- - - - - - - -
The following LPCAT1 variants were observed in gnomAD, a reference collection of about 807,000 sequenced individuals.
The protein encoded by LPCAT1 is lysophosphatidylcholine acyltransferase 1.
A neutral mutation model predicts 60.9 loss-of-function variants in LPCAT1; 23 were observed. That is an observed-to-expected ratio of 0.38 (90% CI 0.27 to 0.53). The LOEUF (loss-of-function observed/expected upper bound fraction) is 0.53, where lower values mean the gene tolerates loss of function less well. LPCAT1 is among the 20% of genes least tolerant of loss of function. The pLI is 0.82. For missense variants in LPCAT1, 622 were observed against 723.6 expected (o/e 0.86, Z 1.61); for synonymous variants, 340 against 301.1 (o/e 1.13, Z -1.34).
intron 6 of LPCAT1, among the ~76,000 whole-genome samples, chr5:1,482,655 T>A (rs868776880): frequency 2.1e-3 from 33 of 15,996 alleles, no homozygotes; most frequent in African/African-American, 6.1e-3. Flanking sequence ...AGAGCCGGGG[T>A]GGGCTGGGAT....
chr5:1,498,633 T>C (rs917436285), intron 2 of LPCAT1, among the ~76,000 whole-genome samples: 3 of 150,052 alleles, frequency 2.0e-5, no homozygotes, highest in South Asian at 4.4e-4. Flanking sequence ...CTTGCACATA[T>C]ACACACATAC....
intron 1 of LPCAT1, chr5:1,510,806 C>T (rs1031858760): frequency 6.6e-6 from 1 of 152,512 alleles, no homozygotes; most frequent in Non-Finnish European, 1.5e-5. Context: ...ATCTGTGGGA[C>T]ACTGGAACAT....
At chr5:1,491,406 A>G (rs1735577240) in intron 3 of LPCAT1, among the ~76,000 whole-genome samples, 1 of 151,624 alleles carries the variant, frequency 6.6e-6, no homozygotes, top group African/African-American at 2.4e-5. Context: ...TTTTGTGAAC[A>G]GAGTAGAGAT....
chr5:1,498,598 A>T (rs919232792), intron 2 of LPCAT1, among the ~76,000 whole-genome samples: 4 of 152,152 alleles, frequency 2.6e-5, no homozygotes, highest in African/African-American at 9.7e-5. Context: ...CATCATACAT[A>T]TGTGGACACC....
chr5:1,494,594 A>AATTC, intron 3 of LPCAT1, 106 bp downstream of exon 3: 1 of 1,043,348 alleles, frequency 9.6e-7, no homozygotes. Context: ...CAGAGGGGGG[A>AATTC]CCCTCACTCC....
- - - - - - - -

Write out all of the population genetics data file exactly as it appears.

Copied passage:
The following LPCAT1 variants were observed in gnomAD, a reference collection of about 807,000 sequenced individuals.
The protein encoded by LPCAT1 is lysophosphatidylcholine acyltransferase 1.
A neutral mutation model predicts 60.9 loss-of-function variants in LPCAT1; 23 were observed. That is an observed-to-expected ratio of 0.38 (90% CI 0.27 to 0.53). The LOEUF (loss-of-function observed/expected upper bound fraction) is 0.53, where lower values mean the gene tolerates loss of function less well. LPCAT1 is among the 20% of genes least tolerant of loss of function. The pLI is 0.82. For missense variants in LPCAT1, 622 were observed against 723.6 expected (o/e 0.86, Z 1.61); for synonymous variants, 340 against 301.1 (o/e 1.13, Z -1.34).
intron 6 of LPCAT1, among the ~76,000 whole-genome samples, chr5:1,482,655 T>A (rs868776880): frequency 2.1e-3 from 33 of 15,996 alleles, no homozygotes; most frequent in African/African-American, 6.1e-3. Flanking sequence ...AGAGCCGGGG[T>A]GGGCTGGGAT....
chr5:1,498,633 T>C (rs917436285), intron 2 of LPCAT1, among the ~76,000 whole-genome samples: 3 of 150,052 alleles, frequency 2.0e-5, no homozygotes, highest in South Asian at 4.4e-4. Flanking sequence ...CTTGCACATA[T>C]ACACACATAC....
intron 1 of LPCAT1, chr5:1,510,806 C>T (rs1031858760): frequency 6.6e-6 from 1 of 152,512 alleles, no homozygotes; most frequent in Non-Finnish European, 1.5e-5. Context: ...ATCTGTGGGA[C>T]ACTGGAACAT....
At chr5:1,491,406 A>G (rs1735577240) in intron 3 of LPCAT1, among the ~76,000 whole-genome samples, 1 of 151,624 alleles carries the variant, frequency 6.6e-6, no homozygotes, top group African/African-American at 2.4e-5. Context: ...TTTTGTGAAC[A>G]GAGTAGAGAT....
chr5:1,498,598 A>T (rs919232792), intron 2 of LPCAT1, among the ~76,000 whole-genome samples: 4 of 152,152 alleles, frequency 2.6e-5, no homozygotes, highest in African/African-American at 9.7e-5. Context: ...CATCATACAT[A>T]TGTGGACACC....
chr5:1,494,594 A>AATTC, intron 3 of LPCAT1, 106 bp downstream of exon 3: 1 of 1,043,348 alleles, frequency 9.6e-7, no homozygotes. Context: ...CAGAGGGGGG[A>AATTC]CCCTCACTCC....